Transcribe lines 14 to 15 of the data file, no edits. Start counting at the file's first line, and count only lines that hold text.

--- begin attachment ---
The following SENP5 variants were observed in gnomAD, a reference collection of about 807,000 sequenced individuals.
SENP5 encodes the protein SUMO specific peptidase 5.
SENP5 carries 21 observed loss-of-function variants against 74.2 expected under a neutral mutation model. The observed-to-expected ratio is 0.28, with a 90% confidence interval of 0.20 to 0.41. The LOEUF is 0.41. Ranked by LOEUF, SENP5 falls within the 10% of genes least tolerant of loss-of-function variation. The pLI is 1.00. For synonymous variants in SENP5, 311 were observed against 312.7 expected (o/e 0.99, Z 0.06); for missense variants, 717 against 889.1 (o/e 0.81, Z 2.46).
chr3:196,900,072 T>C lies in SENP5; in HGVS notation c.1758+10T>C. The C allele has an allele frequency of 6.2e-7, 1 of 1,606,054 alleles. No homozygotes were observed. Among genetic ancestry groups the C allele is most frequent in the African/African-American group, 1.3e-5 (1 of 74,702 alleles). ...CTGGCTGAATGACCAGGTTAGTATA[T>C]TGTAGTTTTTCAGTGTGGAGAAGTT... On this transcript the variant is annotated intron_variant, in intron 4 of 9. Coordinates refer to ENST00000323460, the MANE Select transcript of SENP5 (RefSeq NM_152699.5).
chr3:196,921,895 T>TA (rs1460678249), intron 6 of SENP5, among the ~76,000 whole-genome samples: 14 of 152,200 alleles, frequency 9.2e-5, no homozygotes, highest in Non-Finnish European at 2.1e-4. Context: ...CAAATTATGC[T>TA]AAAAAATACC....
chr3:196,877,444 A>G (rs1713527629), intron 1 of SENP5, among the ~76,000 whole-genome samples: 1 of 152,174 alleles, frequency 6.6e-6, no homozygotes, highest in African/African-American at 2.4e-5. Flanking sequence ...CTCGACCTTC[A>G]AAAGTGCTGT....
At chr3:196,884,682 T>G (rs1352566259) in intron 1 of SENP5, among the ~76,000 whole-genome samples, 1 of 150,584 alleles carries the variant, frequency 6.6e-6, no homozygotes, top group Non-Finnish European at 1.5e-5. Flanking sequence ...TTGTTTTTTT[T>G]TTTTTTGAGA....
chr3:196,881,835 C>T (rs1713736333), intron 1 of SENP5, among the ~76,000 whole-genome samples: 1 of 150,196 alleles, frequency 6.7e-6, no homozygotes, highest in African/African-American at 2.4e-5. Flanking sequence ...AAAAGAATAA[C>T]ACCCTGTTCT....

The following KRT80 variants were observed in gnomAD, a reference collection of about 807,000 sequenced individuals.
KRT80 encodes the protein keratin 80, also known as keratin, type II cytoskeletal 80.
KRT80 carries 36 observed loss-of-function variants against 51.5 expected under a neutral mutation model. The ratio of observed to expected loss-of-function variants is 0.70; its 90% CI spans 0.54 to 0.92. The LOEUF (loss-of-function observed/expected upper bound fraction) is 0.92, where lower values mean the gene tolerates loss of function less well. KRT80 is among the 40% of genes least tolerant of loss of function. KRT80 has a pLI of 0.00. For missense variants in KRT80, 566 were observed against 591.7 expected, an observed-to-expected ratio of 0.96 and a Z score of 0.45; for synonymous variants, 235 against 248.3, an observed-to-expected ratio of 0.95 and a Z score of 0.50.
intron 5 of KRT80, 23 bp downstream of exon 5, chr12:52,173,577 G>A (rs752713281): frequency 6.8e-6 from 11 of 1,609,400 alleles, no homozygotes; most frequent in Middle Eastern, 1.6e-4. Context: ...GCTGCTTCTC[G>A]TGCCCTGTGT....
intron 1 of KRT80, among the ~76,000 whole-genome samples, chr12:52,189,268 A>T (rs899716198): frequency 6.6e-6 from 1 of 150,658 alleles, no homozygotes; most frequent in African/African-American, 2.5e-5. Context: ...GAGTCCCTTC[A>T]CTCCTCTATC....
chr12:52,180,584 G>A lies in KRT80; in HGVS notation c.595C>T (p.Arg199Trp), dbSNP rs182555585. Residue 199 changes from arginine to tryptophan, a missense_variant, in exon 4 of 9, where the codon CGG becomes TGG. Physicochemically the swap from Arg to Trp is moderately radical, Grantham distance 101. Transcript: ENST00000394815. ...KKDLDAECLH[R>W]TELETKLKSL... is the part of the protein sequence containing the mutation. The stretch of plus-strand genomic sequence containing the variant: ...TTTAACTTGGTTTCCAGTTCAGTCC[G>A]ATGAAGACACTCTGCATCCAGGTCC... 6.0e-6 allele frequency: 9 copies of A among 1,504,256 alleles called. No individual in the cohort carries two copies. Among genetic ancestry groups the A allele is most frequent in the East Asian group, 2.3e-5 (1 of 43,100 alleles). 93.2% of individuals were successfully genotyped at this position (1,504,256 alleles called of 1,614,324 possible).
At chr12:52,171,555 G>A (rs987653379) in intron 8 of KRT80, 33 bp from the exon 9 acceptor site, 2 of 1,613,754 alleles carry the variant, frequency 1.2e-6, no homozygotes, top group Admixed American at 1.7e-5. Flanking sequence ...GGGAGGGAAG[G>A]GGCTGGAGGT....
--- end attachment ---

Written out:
chr12:52,180,584 G>A lies in KRT80; in HGVS notation c.595C>T (p.Arg199Trp), dbSNP rs182555585. Residue 199 changes from arginine to tryptophan, a missense_variant, in exon 4 of 9, where the codon CGG becomes TGG. Physicochemically the swap from Arg to Trp is moderately radical, Grantham distance 101. Transcript: ENST00000394815. ...KKDLDAECLH[R>W]TELETKLKSL... is the part of the protein sequence containing the mutation. The stretch of plus-strand genomic sequence containing the variant: ...TTTAACTTGGTTTCCAGTTCAGTCC[G>A]ATGAAGACACTCTGCATCCAGGTCC... 6.0e-6 allele frequency: 9 copies of A among 1,504,256 alleles called. No individual in the cohort carries two copies. Among genetic ancestry groups the A allele is most frequent in the East Asian group, 2.3e-5 (1 of 43,100 alleles). 93.2% of individuals were successfully genotyped at this position (1,504,256 alleles called of 1,614,324 possible).
At chr12:52,171,555 G>A (rs987653379) in intron 8 of KRT80, 33 bp from the exon 9 acceptor site, 2 of 1,613,754 alleles carry the variant, frequency 1.2e-6, no homozygotes, top group Admixed American at 1.7e-5. Flanking sequence ...GGGAGGGAAG[G>A]GGCTGGAGGT....